Letters

Setting the record straight on majority rule 

Dear Editor,

Yesterday, we celebrated Majority Rule Day, a well-deserved public holiday.

I was disappointed and then annoyed to read the editorial “Observing Majority Rule Day” which appeared in the Friday, January 7 edition of your newspaper.

It contained a number of jaw-dropping untruths, for example:

“We live in a society where the minority rules the majority.” That lie appears twice in the piece!

Later, it states, “The Bahamian Parliament…seemingly passes laws that burden the average Bahamian and gives more power to the wealthy among us,” another fabrication.

It is not lost on me, and no doubt on countless other Bahamians, that your editorial writer is likely a beneficiary of the fruits of the 1967 general election which caused a seismic shift in the economic and social trajectory of the lives of the overwhelming majority of Bahamian citizens of all races.

The Bahamas government ushered into office in 1967, and every subsequent government elected pre- and post-independence, PLP and FNM, have been elected by the majority of registered voters equitably assigned to constituencies.

The allegation that the minority today rules the majority in The Bahamas is untrue, a falsehood, in simple language, a lie.

I am stunned that the writer of the editorial is not keenly aware that in 1967, the racist owners of the paper for whom he or she now pens editorials, stood firmly in lockstep with the minority government of The Bahamas which held office solely as a result of the crude gerrymandering of electoral constituency boundaries.

That practice ensured that the majority of eligible voters in the country were confined to a minority of large constituencies in New Providence. Meanwhile, numerous constituencies existed in the more sparsely populated Family Islands where many poor Bahamians were easily induced to support the minority government whether through outright monetary bribes or by in-kind favored treatment by the government.

In 1967, there were 38 constituencies: 17 in New Providence and 21 in the Family Islands. The PLP won 12 of the New Providence seats and six in the Family Islands. The UBP won four seats in New Providence and 14 in the Family Islands.

Of the 18 seats won by the PLP in 1967, eight would become the founding constituencies of the FNM which was formed in 1971. Shortly thereafter, a ninth PLP member of Parliament also joined the FNM.

To think of a Black editorial writer at The Nassau Guardian at that time was unimaginable. To have witnessed that newspaper’s evolution to its position today when virtually its entire managerial leadership and professional staff is Bahamian is a testament to the success of majority rule.

The social and economic policies put in place by the first PLP government and expanded upon by subsequent governments of The Bahamas created the basis for the transformation of The Bahamas from a small colonial outpost to a politically stable and relatively prosperous independent country.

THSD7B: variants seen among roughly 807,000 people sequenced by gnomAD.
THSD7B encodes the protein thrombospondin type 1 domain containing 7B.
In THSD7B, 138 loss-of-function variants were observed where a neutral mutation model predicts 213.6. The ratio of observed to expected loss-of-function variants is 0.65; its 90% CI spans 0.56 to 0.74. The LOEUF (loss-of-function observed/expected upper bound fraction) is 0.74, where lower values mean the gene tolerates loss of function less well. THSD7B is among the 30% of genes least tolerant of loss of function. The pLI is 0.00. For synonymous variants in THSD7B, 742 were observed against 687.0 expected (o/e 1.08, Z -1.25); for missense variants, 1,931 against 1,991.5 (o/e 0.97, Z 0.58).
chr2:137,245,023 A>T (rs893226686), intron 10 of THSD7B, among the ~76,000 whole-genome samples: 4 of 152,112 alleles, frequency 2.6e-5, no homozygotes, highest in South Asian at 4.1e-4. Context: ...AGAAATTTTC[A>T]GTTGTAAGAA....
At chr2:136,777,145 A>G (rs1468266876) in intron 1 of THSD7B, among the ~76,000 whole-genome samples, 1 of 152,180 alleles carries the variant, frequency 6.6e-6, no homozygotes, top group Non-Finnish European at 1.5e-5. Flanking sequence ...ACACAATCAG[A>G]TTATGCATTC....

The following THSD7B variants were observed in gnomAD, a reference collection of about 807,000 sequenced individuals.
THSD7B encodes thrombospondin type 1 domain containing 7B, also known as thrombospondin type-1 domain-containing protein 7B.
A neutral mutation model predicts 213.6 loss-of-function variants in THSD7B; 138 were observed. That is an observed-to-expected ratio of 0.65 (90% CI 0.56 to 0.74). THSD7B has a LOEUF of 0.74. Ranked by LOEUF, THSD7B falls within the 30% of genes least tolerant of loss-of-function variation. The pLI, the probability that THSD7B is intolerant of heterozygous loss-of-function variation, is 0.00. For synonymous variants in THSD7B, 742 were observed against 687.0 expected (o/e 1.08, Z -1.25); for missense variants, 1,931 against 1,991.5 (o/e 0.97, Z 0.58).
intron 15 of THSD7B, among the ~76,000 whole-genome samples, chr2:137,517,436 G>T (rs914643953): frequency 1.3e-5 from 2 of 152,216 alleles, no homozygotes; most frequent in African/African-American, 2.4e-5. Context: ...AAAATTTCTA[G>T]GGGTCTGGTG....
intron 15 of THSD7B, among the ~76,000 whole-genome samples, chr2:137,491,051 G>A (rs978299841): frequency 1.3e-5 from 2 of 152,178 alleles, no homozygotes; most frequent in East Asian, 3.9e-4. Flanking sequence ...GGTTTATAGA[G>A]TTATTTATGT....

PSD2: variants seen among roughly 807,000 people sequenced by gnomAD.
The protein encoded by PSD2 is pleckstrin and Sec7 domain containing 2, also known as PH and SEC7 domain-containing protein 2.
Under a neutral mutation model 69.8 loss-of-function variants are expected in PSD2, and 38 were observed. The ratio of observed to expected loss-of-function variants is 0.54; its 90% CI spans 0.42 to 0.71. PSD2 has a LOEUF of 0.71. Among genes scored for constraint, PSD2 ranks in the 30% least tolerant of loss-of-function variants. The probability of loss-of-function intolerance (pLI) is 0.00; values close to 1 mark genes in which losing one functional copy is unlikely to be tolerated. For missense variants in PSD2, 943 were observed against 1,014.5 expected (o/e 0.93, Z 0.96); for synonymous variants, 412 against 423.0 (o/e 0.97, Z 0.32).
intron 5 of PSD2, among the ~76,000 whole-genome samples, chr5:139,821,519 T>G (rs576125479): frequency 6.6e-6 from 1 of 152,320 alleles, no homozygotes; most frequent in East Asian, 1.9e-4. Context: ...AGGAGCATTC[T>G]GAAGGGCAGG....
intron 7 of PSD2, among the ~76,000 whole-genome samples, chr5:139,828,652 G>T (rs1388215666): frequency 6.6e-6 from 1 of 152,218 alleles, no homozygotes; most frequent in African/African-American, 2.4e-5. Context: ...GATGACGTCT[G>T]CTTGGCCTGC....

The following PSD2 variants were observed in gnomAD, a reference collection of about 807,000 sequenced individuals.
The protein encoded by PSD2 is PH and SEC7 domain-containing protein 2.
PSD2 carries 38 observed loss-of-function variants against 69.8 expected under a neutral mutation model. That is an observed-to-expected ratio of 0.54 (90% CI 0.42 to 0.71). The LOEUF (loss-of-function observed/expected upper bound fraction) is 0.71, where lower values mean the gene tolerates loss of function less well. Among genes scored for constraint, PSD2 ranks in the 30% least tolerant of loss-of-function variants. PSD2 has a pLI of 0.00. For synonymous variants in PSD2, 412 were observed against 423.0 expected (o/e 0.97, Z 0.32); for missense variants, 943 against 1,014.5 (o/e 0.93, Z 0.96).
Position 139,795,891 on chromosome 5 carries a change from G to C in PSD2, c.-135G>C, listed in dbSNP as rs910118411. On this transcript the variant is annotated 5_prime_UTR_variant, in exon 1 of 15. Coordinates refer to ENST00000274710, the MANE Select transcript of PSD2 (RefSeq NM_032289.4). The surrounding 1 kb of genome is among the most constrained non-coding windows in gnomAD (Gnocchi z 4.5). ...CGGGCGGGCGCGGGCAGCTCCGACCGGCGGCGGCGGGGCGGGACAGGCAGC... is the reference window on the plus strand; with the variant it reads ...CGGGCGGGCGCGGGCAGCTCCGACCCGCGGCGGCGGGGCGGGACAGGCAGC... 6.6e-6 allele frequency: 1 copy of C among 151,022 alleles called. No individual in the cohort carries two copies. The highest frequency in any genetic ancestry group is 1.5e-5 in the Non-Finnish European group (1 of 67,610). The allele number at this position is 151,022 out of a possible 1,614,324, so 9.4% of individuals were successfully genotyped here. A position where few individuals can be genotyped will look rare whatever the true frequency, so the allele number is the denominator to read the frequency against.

The explosion in the size of the Bahamian middle class after 1967 and the creation of a significant professional class of Bahamians who populate positions of responsibility throughout the public and private sectors today are all the fruits of majority rule. This is no small accomplishment.

Your editorial rightly quotes Sir Arthur Foulkes, one of the two surviving founders of majority rule in the country; the other being Maurice Moore, on the subject of majority rule. What Sir Arthur penned in 2013 remains accurate.

The general election of 1967 was the culmination of the labors of enlightened and forward-thinking Bahamians of all races that may be traced back to at least the Burma Road Riots of the 1940s and encompasses the Suffragette Movement in the 1950s and the creation of political parties, notably the PLP in 1953, the UBP in 1958.

Very markedly, majority rule was the culmination of the evolution of the labor movement in the country, a movement that promoted not only the right for decent wages and conditions of employment for all, but which fostered a mindset that ordinary folk were not to be neglected or ignored.

That there remain some inequalities in our country, as exist in virtually every other country in the world, cannot detract from the historic achievement of majority government, political independence, and economic progress in The Bahamas since 1967.

Finally, the responsibility to keep Bahamian history alive should not be relegated to the classroom alone. The editorial writer, if he or she were to peruse the social studies curriculum of Bahamian school children, will find that the story of the Bahamian march to more inclusive governance, greater economic equality, and toward greater respect for the rights of all citizens, regardless to race, class or religion is well entrenched.

Pride in one’s history begins at home, is strengthened in school and in religious and civic organizations; importantly, it must be reinforced by society. In that, journalists and newspapers have an important role to play.

My suggestion for The Nassau Guardian, a paper of record, is that it guard against editorial writers spewing falsehoods. Opinions proffered not underpinned by facts, if deemed worthy of publication by the paper, might more appropriately appear as an opinion piece accompanied by a rebuttal.

The Corrector

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